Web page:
Study Insights: Patient Engagement in Drug Development

Initial findings from a DIA study of patient-centric initiatives in drug development reveal pharma’s desire to move toward true patient-centricity, but approaches to implementation are varied.

The Drug Information Association (DIA) has released initial results of its Study of Patient-Centric Initiatives (PCI) in Drug Development, conducted in collaboration with researchers from the Tufts Center for the Study of Drug Development (Tufts CSDD). Initial insight from this study points to a groundswell in the desire to move toward true patient-centricity, but large variation in the approaches to implementation. These divergent approaches to implementation will require metrics and validation to identify best practices. Here, we highlight some key insights from the study.

Drug development and clinical trials have historically focused on the tested molecules and researchers doing the testing

Traditional approaches to clinical trials by researchers have typically been focused on the collection and assembly of data necessary to gain approval of the study drug/molecule, rather than being patient-centric.

In the traditional trial model, the “voice of the patient” has been secondary to approval-focused elements, or was included where it was easiest to do, i.e., where it had the lowest activation energy to include patient input.

In the past, clinical trial focus on the product rather than the patient happened because researchers executed the trial with the end goal of simply getting the product approved. There is considerable inertia in this model; metrics and incentives in the mix have historically been product-approval focused. The clinical trial team knows from experience what works, and they logically build a trial structure and data assembly approach similar to studies that have successfully led to past approvals.  

Patient-centricity has become a mantra for industry, regulators and patients

Desire for patient-centricity was a clear imperative from results of the DIA-Tufts study. According to the survey, “Almost all stakeholders agree that engaging patients in the drug development process is valuable, but they do not necessarily agree on why or how.”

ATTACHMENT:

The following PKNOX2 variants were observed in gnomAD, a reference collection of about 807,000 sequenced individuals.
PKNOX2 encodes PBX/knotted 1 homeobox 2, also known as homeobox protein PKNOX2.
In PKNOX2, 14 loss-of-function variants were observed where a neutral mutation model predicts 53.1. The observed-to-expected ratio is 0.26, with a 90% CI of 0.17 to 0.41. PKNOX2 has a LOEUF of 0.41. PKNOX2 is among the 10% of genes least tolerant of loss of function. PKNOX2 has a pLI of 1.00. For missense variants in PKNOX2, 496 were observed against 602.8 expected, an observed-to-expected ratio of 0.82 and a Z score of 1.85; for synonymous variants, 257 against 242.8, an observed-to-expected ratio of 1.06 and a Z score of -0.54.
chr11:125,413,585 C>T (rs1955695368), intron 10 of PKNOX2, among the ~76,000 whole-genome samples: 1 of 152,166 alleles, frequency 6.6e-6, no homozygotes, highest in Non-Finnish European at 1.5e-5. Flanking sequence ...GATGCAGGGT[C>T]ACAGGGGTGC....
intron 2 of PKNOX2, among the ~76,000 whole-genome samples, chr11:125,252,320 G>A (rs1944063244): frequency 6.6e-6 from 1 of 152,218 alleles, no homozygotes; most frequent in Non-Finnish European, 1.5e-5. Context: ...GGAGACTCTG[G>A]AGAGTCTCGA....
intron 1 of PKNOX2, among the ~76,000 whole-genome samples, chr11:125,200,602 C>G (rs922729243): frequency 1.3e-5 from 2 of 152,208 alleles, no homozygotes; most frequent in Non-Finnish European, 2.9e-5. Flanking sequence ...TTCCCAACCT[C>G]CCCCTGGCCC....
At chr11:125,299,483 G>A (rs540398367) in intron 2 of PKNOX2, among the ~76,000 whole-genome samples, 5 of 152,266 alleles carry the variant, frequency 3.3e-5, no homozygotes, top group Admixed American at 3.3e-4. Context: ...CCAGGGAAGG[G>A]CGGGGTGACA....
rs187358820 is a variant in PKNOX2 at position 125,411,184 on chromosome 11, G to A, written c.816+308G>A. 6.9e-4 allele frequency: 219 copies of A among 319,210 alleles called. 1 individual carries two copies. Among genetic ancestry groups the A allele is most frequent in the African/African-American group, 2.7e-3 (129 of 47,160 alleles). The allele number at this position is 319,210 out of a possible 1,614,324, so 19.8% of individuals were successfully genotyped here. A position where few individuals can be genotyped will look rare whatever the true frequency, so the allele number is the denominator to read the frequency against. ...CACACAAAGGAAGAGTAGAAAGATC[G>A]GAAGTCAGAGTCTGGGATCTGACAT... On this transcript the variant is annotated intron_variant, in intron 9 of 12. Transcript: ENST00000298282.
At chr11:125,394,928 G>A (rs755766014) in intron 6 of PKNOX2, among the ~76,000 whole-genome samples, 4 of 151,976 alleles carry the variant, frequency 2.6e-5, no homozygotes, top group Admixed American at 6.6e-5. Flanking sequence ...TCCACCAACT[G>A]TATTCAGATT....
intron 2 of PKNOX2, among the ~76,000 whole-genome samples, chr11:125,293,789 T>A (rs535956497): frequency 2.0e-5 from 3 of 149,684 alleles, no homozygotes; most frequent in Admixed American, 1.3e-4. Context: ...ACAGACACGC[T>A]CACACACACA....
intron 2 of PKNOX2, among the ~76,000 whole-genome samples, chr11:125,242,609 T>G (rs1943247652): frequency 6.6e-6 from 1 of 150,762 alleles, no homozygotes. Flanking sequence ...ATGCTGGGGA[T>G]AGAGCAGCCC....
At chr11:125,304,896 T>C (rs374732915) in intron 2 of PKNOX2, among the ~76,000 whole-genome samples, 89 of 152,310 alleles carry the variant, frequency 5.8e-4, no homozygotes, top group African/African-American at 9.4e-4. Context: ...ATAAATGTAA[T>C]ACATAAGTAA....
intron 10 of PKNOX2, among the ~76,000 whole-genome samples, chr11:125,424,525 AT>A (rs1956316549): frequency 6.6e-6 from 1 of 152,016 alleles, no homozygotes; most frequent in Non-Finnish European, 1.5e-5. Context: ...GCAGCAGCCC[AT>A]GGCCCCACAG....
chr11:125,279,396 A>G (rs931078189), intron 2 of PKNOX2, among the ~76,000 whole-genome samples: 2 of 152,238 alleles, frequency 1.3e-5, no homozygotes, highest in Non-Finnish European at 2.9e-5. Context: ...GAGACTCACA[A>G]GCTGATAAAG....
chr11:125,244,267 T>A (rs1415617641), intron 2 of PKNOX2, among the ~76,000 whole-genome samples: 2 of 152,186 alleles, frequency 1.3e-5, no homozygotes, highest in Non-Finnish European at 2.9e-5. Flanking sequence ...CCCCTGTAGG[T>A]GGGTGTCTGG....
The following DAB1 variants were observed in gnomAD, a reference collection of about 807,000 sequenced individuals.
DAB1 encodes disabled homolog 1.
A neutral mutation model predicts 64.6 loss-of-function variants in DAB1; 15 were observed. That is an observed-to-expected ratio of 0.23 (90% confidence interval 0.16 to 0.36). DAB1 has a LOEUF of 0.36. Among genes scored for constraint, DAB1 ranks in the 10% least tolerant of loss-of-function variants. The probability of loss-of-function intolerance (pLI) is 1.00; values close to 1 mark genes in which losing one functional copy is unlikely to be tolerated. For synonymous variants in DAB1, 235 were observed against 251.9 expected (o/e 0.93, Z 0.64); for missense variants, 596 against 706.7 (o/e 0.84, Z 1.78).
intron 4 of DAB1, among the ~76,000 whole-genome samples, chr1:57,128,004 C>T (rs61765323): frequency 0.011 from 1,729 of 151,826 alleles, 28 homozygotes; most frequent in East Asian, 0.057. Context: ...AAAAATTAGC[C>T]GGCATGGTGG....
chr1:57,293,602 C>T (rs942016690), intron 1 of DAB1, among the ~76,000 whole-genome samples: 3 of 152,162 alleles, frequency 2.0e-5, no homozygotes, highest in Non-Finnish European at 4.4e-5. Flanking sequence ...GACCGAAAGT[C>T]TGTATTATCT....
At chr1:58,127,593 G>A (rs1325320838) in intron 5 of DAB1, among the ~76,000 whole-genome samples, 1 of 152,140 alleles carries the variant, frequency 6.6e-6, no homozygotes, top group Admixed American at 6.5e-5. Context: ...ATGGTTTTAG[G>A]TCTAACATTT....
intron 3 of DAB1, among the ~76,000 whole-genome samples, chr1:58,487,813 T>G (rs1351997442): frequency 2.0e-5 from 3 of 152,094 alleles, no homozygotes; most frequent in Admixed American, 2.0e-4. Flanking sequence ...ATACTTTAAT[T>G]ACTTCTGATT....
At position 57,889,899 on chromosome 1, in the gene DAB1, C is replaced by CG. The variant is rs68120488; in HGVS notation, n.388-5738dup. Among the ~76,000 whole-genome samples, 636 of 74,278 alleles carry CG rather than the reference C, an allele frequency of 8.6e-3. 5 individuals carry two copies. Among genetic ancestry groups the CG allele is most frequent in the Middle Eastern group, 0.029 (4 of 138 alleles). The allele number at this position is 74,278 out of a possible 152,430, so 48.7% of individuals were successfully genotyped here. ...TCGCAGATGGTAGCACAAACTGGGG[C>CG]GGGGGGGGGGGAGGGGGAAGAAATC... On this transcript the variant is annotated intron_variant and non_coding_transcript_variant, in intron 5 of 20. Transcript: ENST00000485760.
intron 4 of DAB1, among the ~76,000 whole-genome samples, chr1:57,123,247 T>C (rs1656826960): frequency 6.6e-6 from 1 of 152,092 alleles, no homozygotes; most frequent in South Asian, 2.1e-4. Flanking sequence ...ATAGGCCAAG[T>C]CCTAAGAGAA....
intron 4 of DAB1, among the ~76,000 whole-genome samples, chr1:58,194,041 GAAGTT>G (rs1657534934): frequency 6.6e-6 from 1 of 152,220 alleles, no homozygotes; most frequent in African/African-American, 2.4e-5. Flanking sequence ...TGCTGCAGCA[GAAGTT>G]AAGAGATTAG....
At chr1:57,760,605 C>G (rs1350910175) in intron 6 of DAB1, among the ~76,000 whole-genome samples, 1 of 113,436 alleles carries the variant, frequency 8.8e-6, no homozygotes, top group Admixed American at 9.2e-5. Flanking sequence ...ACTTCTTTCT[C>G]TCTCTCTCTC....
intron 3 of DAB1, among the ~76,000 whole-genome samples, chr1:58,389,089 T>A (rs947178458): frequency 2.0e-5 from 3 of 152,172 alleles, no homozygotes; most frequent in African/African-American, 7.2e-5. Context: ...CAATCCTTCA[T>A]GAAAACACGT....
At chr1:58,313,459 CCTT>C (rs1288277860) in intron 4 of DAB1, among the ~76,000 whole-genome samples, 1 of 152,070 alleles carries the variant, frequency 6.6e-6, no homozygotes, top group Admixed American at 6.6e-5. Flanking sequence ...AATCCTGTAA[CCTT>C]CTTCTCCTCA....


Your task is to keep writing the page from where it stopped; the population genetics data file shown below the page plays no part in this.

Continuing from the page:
While stakeholders seem to agree that drug development should be patient-centric, the current reality is that companies have strict budgets, timelines and hard metrics (e.g., study uptake, progress and cost) that drive collection and assembly of clinical data to get a product approved. Costs without validated impact on outcomes are not readily supported.

Preliminary results

The study results point to a groundswell of support for patient-centered drug development in industry and academia. Also, it was found that half the pharmaceutical and biotech companies surveyed have already launched, and a similar percentage are piloting or planning to launch PCIs. Though the results are preliminary, it is clear these companies expect significant benefits from patient-centricity, including:

  • Faster trial subject recruitment

  • Improved subject retention rates

  • Reduction in the number of protocol amendments

  • Lower cost and increased ease of study conduct

  • A greater number of patient-relevant endpoints

The DIA-Tufts study found other important expected benefits of patient-centricity, including improvement in patient activation measures (PAM scores) and better internal and external trial reach. Preliminary insight from the study shows patient-centricity and business ROI need not be mutually exclusive. Indeed, as payers and providers increase their demand for products that address key aspects of a patient’s disease state, true patient centricity and effective PCIs will be essential to business ROI.

But, importantly, the study found that there is not yet clear consensus on how to implement PCIs